BLASTED by Sarah Kane (Buddies in Bad Times, 12 Alexander). To October 17. See Listings Rating: NNNNN
Strange thing about great theatre: even the playwright can’t predict the impact the work will have on the audience.
Sarah Kane, the author of Blasted, always said her play doesn’t give answers, and only asks questions. But her incendiary drama actually makes pointed commentary on masculinity, terror and war.
That’s why, though its queer content isn’t as obvious as it is in a play like, say, The Boys In The Band, it’s a completely appropriate work for Buddies in Bad Times’ new artistic director Brendan Healy, who also helms this terrific production, to program.
Blasted opens in a pristine hotel room overlooking a street where war may be raging. In the room, middle-aged Ian (David Ferry) and Cate (Michelle Monteith), who looks like a schoolgirl play out their strange relationship that criss-crosses between abuse and love.
A starving soldier (Dylan Smith) suddenly enters carrying a rifle, upending the power dynamics, and by the end the hotel room has turned into a steaming war zone where rape and cannibalism rule.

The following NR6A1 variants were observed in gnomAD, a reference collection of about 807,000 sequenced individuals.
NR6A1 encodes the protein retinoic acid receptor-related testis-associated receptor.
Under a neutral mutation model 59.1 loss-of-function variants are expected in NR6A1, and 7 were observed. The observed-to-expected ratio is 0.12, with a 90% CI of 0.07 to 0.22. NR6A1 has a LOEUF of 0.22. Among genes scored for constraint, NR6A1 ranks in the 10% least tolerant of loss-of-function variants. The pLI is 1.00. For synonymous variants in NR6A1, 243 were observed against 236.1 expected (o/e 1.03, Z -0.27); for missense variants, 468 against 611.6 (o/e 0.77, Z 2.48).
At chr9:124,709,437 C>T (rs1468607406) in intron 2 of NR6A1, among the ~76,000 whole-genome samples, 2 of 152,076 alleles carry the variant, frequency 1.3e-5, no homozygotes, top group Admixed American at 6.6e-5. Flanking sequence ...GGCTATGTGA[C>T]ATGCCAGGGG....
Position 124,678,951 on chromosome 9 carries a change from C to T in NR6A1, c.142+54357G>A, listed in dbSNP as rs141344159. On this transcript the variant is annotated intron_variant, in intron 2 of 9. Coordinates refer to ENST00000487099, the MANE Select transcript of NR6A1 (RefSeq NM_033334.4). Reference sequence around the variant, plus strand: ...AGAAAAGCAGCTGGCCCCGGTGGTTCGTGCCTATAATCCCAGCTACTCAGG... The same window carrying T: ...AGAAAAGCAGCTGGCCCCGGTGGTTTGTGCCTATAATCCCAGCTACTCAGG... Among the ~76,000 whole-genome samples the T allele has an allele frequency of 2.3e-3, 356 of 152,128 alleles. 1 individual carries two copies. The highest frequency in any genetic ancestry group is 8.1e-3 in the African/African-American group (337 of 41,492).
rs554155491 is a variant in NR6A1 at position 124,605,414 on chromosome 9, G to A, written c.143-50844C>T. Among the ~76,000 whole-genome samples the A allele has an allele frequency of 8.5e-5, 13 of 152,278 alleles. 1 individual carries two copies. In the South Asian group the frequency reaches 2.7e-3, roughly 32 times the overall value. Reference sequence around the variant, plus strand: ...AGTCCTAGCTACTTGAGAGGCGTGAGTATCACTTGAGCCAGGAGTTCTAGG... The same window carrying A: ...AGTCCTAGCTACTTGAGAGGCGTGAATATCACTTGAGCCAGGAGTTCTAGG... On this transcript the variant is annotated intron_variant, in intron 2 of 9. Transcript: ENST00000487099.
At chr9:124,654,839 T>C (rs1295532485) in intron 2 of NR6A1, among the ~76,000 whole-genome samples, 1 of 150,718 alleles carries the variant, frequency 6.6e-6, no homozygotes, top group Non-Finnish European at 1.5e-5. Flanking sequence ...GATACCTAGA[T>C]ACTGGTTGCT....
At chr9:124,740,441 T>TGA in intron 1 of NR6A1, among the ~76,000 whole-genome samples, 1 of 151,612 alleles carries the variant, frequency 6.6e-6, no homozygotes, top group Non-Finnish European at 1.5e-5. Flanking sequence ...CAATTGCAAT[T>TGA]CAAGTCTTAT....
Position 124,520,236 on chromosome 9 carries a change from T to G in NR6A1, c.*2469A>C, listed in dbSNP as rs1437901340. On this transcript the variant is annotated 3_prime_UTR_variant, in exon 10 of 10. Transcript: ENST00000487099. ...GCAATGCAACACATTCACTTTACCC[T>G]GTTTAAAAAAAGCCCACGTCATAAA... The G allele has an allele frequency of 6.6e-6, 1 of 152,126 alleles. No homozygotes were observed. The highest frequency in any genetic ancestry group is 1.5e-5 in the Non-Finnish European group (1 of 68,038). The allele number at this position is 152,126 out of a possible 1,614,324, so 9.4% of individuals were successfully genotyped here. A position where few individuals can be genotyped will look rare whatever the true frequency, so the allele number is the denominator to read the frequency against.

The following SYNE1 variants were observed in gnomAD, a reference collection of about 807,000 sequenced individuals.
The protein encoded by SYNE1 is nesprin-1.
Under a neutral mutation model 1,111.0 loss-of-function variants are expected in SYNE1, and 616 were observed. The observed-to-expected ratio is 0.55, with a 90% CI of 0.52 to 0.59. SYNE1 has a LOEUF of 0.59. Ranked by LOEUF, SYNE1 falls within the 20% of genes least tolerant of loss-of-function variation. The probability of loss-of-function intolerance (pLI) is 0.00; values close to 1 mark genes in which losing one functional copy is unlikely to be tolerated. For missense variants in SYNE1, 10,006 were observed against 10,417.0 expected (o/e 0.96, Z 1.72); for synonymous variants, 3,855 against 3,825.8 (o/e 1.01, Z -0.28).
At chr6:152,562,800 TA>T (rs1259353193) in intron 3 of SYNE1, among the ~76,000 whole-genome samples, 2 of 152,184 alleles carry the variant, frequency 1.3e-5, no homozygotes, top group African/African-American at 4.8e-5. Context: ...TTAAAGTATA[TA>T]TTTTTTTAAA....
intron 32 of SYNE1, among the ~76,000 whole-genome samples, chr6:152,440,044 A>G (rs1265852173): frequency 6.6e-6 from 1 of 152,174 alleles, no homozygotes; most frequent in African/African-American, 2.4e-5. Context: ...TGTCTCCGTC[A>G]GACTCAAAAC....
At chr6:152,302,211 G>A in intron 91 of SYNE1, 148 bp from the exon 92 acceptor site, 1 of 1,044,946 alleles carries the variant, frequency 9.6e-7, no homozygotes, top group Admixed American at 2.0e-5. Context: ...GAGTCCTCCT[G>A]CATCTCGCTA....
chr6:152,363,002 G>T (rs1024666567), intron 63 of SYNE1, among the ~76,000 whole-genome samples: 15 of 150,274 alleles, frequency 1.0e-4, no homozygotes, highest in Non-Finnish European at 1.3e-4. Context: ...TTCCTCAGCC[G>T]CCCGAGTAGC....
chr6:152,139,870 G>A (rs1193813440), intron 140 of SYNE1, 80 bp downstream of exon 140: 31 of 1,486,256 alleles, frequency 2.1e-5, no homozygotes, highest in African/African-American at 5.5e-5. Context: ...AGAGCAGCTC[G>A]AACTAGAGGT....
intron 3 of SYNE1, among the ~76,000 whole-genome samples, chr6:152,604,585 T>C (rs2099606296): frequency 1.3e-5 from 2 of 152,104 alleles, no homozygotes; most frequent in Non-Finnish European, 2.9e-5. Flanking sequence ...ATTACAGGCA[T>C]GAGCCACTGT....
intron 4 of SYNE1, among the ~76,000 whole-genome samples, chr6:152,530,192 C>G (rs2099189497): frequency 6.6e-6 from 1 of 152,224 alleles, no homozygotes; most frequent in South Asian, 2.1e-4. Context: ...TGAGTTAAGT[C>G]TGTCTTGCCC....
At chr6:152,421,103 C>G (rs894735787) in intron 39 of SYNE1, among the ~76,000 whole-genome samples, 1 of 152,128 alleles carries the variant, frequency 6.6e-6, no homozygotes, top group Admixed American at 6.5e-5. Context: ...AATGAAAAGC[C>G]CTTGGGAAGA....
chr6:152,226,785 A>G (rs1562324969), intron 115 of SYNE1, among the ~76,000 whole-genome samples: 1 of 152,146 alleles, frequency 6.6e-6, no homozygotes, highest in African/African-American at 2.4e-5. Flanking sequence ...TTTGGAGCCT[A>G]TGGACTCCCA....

Yes, it’s grim, but it’s also absolutely riveting. That’s due in part to the performances from its committed actors. As the spectacular Ferry plays him, you can never despise the racist, pathetic Ian, and Monteith, cementing her status as one of the best actors on current Toronto stages, plays Cate as a possibly mentally challenged teen who knows a sexual thing or two.
As a production, Blasted is a wonder. Julie Fox’s design, matched by Kimberly Purtell’s lighting, grasps Kane’s desire to basically blow up the play and take us on a journey to hell. And the show’s sound, by Richard Feren, has just the right intensity.
I get that the material is challenging, but I wish the program weren’t so laced with “viewer discretion advised”-type content. This is actually a strangely tender play, with one of the most moving last lines ever.
The best thing I’ve seen at Buddies.